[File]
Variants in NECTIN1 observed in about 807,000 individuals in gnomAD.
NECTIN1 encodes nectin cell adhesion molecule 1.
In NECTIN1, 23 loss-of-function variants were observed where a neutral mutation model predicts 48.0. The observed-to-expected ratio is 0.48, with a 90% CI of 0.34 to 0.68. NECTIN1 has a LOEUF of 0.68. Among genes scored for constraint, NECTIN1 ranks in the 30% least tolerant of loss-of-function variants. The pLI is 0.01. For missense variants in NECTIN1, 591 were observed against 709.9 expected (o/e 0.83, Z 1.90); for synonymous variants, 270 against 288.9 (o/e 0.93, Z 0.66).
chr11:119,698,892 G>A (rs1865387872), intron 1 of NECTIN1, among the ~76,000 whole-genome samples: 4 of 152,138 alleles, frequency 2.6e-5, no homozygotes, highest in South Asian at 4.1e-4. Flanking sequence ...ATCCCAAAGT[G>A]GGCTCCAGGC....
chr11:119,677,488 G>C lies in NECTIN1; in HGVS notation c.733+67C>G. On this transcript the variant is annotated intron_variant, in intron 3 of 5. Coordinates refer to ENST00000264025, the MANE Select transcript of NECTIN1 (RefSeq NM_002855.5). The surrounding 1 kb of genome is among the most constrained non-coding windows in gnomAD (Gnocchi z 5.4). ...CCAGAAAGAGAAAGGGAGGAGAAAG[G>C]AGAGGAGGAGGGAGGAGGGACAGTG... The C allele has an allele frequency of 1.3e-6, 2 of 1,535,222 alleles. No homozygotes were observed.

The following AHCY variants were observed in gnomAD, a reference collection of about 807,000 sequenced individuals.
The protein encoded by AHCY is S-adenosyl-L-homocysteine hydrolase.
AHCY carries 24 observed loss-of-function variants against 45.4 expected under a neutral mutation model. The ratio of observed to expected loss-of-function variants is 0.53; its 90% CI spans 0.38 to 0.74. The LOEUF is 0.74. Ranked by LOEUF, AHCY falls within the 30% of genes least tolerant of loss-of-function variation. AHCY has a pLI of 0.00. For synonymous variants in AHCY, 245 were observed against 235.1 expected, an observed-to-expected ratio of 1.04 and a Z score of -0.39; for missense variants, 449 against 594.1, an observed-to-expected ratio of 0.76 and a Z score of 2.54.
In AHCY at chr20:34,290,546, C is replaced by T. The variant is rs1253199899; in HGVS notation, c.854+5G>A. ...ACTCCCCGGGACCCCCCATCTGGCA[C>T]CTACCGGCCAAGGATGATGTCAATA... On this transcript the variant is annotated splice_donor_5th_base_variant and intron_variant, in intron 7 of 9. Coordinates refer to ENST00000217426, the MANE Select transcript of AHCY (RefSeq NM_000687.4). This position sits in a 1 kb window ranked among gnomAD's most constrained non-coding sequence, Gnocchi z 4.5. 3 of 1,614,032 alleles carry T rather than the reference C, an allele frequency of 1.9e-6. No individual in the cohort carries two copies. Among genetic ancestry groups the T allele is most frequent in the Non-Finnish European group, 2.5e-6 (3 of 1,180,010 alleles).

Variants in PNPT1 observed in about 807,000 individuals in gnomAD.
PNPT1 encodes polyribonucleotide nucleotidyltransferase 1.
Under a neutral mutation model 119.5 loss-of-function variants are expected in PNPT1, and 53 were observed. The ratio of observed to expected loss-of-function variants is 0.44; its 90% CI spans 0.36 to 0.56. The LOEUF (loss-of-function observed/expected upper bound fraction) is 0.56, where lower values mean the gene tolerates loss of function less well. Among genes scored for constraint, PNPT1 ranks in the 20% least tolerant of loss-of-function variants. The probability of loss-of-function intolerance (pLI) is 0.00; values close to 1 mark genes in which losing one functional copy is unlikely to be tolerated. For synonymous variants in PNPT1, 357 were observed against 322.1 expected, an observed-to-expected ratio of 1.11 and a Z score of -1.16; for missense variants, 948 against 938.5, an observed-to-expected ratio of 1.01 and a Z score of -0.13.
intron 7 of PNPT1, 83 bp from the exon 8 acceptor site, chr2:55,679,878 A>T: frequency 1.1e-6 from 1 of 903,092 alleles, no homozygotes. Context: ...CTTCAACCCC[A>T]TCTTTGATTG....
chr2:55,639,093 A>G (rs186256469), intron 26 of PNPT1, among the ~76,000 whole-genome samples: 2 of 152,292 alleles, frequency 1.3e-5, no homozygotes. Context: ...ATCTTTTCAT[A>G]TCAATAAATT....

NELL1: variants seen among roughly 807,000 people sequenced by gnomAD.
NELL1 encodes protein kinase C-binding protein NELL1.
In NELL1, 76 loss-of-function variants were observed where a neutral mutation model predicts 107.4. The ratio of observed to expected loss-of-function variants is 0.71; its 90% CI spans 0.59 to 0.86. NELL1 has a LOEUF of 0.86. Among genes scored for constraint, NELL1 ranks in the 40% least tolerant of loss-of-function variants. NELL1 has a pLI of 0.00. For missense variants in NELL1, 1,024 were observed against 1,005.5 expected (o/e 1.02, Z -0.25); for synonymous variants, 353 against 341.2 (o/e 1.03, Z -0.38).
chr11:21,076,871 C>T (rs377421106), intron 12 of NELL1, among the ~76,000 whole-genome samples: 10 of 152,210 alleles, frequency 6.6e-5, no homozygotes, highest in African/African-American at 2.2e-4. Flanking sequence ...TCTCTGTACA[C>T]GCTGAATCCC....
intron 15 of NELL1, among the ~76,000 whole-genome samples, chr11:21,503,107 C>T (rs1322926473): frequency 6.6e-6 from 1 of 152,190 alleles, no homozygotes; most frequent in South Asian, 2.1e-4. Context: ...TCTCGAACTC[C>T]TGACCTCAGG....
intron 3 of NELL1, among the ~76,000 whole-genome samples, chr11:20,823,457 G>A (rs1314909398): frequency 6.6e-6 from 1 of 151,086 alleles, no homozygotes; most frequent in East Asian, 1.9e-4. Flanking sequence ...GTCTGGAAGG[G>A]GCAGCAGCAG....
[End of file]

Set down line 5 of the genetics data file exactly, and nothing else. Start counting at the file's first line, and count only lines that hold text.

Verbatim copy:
chr11:119,677,488 G>C lies in NECTIN1; in HGVS notation c.733+67C>G. On this transcript the variant is annotated intron_variant, in intron 3 of 5. Coordinates refer to ENST00000264025, the MANE Select transcript of NECTIN1 (RefSeq NM_002855.5). The surrounding 1 kb of genome is among the most constrained non-coding windows in gnomAD (Gnocchi z 5.4). ...CCAGAAAGAGAAAGGGAGGAGAAAG[G>C]AGAGGAGGAGGGAGGAGGGACAGTG... The C allele has an allele frequency of 1.3e-6, 2 of 1,535,222 alleles. No homozygotes were observed.